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thefizz
09-13-2006, 09:07 AM
I see more and more people setting up web sites (I plan to do one myself some day) to show and sell their photographs. A lot of them describe their work as Fine Art Photography whether it is darkroom produced or from an inkjet printer. Some of these people may be experienced and some not so.

So can someone define "Fine Art Photography" for me please? Does it matter how it is produced? Are we all Fine Art Photographers?

Peter

p.s. Apologies if this is in the wrong forum section.

mortimer
09-13-2006, 09:41 AM
Not that I'm any expert, but lurking through all the old forum posts last night I actually came across this answer to this very question, posted by David Hall:

it's art if you say it is, as the artist. It's fine art of the rest of the world agrees.

To me, that about sums it up.

Lee Shively
09-13-2006, 09:48 AM
"So can someone define "Fine Art Photography" for me please?"

Can't be done.

jnanian
09-13-2006, 09:50 AM
its a marketing tool used by galleries and so called "fine artists"
so they can charge what they want for what they want to sell...

David H. Bebbington
09-13-2006, 09:52 AM
"So can someone define "Fine Art Photography" for me please?"

Can't be done.
Work done with an artistic purpose and the requisite skill to communicate this.

Defining art is really not difficult - PRODUCING it is the hard part!

Roger Hicks
09-13-2006, 09:55 AM
Dear Peter,

It's a substantially meaningless term, except perhaps in the long term when you're dead and people say, "Ah! Peter! Now there was an artist..."

There are two criteria for pictures: critical appeal, and sales. Unless you are independently wealthy, the latter is usually to be preferred.

There's actually a free module about it in the Photo School at www.rogerandfrances.com, which you might find interesting or amusing or both.

Cheers,

Roger

thefizz
09-13-2006, 10:34 AM
It's a substantially meaningless term



That seems to be the case today as very Tom, Dick and Harry boasts about producing Fine Art Photography even though some of them wouldn't know a properly produced photograph if it slapped them in the face.

I know what I like might be crap to what someone else likes but I thought the term "Fine Art" applied to the processes (i.e. FB paper, archival washing, mounting etc.) and not the actual subject of the picture.

To me a properly prduced FB print could be classed as Fine Art but not something printed in my local 1 hour shop?

David A. Goldfarb
09-13-2006, 10:41 AM
It is difficult to define "art," but it is easy to define "fine art."

"Fine art" is art for display only, not for illustration, document, journalistic purposes, commercial applications, advertisement, etc. "Fine art" does not mean "art" or "good art" or "great art."

"Fine art" is opposed to "applied art." Specific works of "fine art" may be crap, and specific works of "applied art" or "illustration" may be great art, but there is nothing in the terms "fine art" or "applied art" that suggests one or the other.

"Fine artist" is something you can put on your tax forms. "Artist" is something that it is up to future generations to decide.

Roger Hicks
09-13-2006, 10:49 AM
That seems to be the case today as very Tom, Dick and Harry boasts about producing Fine Art Photography even though some of them wouldn't know a properly produced photograph if it slapped them in the face.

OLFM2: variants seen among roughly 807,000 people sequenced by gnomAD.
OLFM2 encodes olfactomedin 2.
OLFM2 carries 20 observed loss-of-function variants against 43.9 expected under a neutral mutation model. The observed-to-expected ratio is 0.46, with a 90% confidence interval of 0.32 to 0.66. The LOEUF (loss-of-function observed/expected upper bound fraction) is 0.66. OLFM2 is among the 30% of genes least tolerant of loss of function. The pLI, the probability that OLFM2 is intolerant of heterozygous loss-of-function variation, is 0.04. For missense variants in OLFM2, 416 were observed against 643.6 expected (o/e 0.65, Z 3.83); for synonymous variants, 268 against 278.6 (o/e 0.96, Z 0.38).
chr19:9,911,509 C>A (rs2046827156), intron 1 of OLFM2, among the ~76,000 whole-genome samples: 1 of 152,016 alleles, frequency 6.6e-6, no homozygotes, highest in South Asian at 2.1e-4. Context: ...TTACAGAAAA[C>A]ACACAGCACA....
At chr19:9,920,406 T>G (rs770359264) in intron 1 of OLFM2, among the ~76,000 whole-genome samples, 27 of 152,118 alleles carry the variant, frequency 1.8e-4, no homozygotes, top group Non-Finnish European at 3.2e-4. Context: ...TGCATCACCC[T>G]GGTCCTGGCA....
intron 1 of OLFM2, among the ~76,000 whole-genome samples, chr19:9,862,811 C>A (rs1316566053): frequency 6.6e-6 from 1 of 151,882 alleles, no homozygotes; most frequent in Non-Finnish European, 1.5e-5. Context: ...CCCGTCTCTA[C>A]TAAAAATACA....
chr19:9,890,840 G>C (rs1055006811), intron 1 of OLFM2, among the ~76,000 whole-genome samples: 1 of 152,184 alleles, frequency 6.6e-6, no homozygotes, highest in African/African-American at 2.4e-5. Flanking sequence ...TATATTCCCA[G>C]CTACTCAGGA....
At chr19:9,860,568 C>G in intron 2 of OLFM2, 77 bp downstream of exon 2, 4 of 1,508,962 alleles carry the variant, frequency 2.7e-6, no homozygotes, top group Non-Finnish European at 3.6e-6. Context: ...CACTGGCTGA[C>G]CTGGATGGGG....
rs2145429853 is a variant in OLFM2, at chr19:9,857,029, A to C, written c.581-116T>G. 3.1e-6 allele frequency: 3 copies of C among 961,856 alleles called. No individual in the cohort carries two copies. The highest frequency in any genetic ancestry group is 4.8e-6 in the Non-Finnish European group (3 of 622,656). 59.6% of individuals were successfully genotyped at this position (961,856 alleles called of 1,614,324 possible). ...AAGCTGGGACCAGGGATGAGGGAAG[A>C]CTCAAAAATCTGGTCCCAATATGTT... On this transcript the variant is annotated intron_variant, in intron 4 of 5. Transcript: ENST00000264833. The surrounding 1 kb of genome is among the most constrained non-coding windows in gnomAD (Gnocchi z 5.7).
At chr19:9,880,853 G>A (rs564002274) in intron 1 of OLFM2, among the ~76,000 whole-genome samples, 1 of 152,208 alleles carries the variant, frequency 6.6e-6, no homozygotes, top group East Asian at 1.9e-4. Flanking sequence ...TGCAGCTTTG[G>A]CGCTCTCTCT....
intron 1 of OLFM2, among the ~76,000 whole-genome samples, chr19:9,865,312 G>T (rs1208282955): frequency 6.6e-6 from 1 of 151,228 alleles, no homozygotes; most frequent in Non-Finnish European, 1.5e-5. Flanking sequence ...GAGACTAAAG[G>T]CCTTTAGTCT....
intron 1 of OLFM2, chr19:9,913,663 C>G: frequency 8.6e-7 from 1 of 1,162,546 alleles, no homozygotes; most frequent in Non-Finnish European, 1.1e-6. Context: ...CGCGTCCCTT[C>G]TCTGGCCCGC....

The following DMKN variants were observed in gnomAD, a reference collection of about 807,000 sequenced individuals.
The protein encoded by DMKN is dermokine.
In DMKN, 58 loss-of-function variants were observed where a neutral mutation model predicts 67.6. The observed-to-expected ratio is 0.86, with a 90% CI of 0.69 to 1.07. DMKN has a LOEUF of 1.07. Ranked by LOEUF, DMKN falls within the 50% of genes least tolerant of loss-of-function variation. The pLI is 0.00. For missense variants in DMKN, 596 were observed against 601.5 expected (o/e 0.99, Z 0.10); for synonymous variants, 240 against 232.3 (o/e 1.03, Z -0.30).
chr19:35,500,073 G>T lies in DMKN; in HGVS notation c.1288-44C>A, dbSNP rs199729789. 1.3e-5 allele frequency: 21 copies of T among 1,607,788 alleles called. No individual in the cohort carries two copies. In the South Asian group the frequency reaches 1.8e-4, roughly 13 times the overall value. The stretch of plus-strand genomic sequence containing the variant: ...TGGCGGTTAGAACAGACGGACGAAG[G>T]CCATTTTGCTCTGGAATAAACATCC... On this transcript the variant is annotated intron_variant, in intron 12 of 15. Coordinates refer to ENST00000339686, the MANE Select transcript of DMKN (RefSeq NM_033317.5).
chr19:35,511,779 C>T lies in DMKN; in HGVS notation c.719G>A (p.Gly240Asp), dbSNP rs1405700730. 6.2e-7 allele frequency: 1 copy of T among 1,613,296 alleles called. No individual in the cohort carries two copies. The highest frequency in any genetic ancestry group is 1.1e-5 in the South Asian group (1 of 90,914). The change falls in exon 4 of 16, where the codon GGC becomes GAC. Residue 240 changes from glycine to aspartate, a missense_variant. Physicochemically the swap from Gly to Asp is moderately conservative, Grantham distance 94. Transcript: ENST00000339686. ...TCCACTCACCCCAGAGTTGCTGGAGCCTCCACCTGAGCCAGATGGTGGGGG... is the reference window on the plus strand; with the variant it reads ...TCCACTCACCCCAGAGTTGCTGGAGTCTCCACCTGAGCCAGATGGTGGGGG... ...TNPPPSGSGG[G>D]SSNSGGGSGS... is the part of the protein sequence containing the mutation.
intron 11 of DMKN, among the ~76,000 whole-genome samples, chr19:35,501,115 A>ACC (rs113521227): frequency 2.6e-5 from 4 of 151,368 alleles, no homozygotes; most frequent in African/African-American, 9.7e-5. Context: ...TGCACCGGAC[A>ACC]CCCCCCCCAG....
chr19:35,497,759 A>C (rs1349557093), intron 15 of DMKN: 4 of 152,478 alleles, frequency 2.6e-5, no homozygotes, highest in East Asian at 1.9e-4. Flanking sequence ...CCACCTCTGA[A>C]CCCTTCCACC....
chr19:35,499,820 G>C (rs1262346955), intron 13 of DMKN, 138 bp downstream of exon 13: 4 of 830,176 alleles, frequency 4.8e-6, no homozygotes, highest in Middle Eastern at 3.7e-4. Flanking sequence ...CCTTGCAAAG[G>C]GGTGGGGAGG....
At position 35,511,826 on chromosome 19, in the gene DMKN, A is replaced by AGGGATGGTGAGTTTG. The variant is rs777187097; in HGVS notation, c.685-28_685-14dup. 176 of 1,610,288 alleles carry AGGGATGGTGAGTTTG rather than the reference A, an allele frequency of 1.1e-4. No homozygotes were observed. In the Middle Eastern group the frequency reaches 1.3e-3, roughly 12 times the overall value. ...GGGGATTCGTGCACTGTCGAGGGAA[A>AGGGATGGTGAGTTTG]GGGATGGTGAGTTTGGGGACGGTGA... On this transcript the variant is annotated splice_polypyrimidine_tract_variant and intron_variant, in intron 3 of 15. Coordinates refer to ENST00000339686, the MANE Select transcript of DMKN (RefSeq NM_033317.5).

I know what I like might be crap to what someone else likes but I thought the term "Fine Art" applied to the processes (i.e. FB paper, archival washing, mounting etc.) and not the actual subject of the picture.

To me a properly prduced FB print could be classed as Fine Art but not something printed in my local 1 hour shop?

Technique has absolutely nothing to do with it. Think of 'installation art' or deliberately ephemeral art. You could have a 'fine art' print made by your mini-lab, or you could make a palladium print on hand-made paper coated by virgins under the light of the full moon and processed to last for 1000 years and still have it fail as fine art. Consider some of Jackson Pollock's 'Pure Paint' paintings: the highest or finest of mid-to-late 20th century 'Fine Art' but falling apart at an ever-increasing rate today.

David's definition -- that 'fine art' is the antithesis of 'applied art' -- is the one that has been accepted for the last 200 or 300 years, but without wishing to disagree with David for one moment about a classical definition, I'd suggest that 500 years ago there was no distinction and that his definition is, shall we say, under siege to some extent today. It's probably the best definition you'll ever get, though.

Cheers,

Roger

don sigl
09-13-2006, 10:55 AM
Way back in the days of my college youth, Fine Art photography was distinguished from Commercial or professional photography. They were separate programs with separate degrees. They also had significantly separate philosophys. The main difference had to do with vision and technique. The Fine Art people considered vision the priority...technique was less important and played a secondary role in the creation of Art. The Fine Artists learned technique as they needed it. As I recall, none of them ever touched a densitometer.
The Commercial photographers were more pragmatic. Their courses were clearly geared to learning techniques and understanding the materials and processes (As I remember one of the primary freshman courses was called M&P; Materials and Processes. Better known to the student body as Misery and Pain).
Commercial photographers dreamed of making it big in NY and shooting covers for ultra fancy glossy magazines. The Fine Art photographers....had much more interesting discussions on philosophy and poetry. I think most of them figured they could make a few bucks waiting tables until they landed that teaching job.

Of course I describe the extremes. Most of us were somewhere in the middle, regardless of the program we chose. So Fine Art kind of blends into Commercial and visa versa.